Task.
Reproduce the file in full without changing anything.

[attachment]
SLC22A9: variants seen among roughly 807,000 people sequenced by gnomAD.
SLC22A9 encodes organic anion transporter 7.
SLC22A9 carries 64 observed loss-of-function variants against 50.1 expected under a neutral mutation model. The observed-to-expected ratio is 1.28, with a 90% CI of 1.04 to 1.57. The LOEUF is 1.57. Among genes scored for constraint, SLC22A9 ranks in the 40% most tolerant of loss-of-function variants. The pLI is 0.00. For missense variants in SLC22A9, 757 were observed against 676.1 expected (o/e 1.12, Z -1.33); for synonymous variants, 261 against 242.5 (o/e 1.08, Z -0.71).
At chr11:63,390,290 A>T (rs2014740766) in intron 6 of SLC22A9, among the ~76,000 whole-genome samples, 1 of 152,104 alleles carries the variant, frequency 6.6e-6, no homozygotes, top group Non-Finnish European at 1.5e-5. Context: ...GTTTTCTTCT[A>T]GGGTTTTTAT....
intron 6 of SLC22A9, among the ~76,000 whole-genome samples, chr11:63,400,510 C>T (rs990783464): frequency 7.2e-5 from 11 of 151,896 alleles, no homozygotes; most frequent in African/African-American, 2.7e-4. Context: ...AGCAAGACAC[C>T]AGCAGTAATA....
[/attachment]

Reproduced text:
SLC22A9: variants seen among roughly 807,000 people sequenced by gnomAD.
SLC22A9 encodes organic anion transporter 7.
SLC22A9 carries 64 observed loss-of-function variants against 50.1 expected under a neutral mutation model. The observed-to-expected ratio is 1.28, with a 90% CI of 1.04 to 1.57. The LOEUF is 1.57. Among genes scored for constraint, SLC22A9 ranks in the 40% most tolerant of loss-of-function variants. The pLI is 0.00. For missense variants in SLC22A9, 757 were observed against 676.1 expected (o/e 1.12, Z -1.33); for synonymous variants, 261 against 242.5 (o/e 1.08, Z -0.71).
At chr11:63,390,290 A>T (rs2014740766) in intron 6 of SLC22A9, among the ~76,000 whole-genome samples, 1 of 152,104 alleles carries the variant, frequency 6.6e-6, no homozygotes, top group Non-Finnish European at 1.5e-5. Context: ...GTTTTCTTCT[A>T]GGGTTTTTAT....
intron 6 of SLC22A9, among the ~76,000 whole-genome samples, chr11:63,400,510 C>T (rs990783464): frequency 7.2e-5 from 11 of 151,896 alleles, no homozygotes; most frequent in African/African-American, 2.7e-4. Context: ...AGCAAGACAC[C>T]AGCAGTAATA....